Poisoned Sea Lion Chomps on Girl's Leg

'I don't want to get near one or see one ever again'
By Arden Dier,  Newser Staff
Posted Jun 21, 2019 12:06 PM CDT
Poisoned Sea Lion Chomps on Girl's Leg
A group of people gather to watch the storm surge at Pismo Beach, Calif., on Jan. 7, 2016.   (of San Luis Obispo) via AP)

Megan Pagnini was well aware of the sea lions swimming at California's Pismo Beach as she played in knee-deep waves. "I thought they were just the most adorable little things"—that is, until an adult female jumped up and bit her on the thigh. "It was just total fear," the 13-year-old tells ABC News of the June 14 incident. "I was taking silly pictures, when all of a sudden, it came out of nowhere." The teen was taken to a hospital, where she received stitches Thursday. "It's a pretty nasty injury,” Todd Tognazzini of the California Department of Fish and Wildlife tells the Sacramento Bee. Wildlife officials say the sea lion showed signs of domoic acid poisoning, which occurs when they eat fish that have consumed toxic algae.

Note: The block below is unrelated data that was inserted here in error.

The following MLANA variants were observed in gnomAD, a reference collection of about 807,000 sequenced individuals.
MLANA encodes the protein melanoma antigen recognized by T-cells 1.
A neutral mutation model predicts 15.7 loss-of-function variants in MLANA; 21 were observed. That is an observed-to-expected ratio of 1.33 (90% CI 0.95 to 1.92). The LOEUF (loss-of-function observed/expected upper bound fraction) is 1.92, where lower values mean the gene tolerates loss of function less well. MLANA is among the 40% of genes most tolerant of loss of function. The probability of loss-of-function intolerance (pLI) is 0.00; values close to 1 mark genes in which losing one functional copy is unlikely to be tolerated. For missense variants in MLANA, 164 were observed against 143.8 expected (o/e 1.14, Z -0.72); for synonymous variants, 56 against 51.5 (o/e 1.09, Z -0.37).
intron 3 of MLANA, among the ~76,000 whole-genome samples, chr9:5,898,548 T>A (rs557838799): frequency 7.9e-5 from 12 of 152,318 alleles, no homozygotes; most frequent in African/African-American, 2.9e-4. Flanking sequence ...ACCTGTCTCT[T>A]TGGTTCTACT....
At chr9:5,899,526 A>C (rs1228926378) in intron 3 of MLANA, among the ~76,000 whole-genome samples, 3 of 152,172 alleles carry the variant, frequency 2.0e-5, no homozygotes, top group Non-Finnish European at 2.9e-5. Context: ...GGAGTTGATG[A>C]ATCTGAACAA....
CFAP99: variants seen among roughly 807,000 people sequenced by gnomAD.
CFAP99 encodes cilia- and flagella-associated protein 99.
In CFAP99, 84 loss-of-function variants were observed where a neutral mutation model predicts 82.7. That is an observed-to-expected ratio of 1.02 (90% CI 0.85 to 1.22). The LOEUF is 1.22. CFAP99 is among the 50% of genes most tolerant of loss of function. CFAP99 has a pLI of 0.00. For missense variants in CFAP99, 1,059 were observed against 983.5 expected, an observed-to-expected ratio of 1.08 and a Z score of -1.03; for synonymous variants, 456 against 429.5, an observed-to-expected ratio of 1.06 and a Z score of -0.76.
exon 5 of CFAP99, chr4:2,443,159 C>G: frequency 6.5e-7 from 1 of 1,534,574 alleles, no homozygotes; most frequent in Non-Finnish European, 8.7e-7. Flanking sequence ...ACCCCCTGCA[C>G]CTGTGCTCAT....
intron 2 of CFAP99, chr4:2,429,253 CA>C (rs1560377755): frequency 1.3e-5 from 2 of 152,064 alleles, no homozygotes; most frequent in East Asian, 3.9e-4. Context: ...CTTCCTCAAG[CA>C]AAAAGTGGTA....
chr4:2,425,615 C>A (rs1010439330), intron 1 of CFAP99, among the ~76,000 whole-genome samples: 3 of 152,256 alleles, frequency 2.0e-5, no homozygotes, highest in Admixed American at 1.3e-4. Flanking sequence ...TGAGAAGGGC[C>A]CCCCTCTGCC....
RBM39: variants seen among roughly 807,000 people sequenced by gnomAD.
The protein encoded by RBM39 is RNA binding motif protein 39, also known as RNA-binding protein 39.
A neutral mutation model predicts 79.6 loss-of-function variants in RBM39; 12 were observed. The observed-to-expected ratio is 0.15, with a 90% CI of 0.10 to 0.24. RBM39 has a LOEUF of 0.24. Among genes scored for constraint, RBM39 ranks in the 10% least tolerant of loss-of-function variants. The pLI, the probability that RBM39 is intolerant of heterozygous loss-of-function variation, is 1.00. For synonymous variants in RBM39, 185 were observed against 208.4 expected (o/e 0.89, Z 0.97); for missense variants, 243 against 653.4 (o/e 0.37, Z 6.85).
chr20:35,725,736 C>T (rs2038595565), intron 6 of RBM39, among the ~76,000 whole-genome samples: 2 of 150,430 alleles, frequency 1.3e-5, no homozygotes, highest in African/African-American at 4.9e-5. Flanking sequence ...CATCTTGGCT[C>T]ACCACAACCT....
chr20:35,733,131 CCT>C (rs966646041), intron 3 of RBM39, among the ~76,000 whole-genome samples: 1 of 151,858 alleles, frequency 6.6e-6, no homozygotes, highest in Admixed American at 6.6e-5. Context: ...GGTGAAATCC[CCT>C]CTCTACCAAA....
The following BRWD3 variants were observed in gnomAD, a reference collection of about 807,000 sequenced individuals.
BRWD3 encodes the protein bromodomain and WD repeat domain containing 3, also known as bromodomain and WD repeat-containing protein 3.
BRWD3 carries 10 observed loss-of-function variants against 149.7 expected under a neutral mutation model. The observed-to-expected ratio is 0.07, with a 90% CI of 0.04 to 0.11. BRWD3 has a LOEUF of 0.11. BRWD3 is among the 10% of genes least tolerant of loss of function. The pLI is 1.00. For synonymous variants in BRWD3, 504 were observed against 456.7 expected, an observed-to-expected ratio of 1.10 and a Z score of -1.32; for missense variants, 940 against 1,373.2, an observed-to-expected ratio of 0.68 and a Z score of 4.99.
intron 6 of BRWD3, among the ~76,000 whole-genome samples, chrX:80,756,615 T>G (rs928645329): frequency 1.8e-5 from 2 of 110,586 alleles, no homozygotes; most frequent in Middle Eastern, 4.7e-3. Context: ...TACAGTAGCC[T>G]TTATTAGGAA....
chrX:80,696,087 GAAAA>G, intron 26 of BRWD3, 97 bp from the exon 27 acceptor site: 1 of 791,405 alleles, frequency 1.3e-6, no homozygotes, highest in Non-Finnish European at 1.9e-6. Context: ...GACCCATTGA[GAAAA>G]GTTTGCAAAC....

For the sea lions, this type of poisoning results in disorientation, seizures, and even brain damage or death. When wildlife officials arrived on the scene, the sea lion was "behaving unusually," biting sticks and even the metal base of a lifeguard tower while "in a state of stupor," says Tognazzini. The animal is now in the care of the Marine Mammal Center, which has picked up two dozen sea lions showing similar signs over the last 10 days. That's no reason to stay out of the water, according to Tognazzini, who describes the attack as "a complete anomaly." Still, it's sure changed Megan's view of sea lions. "Now I think they're really scary," she tells ABC. "I don't want to get near one or see one ever again." (A sea lion snatched a girl in Canada.)

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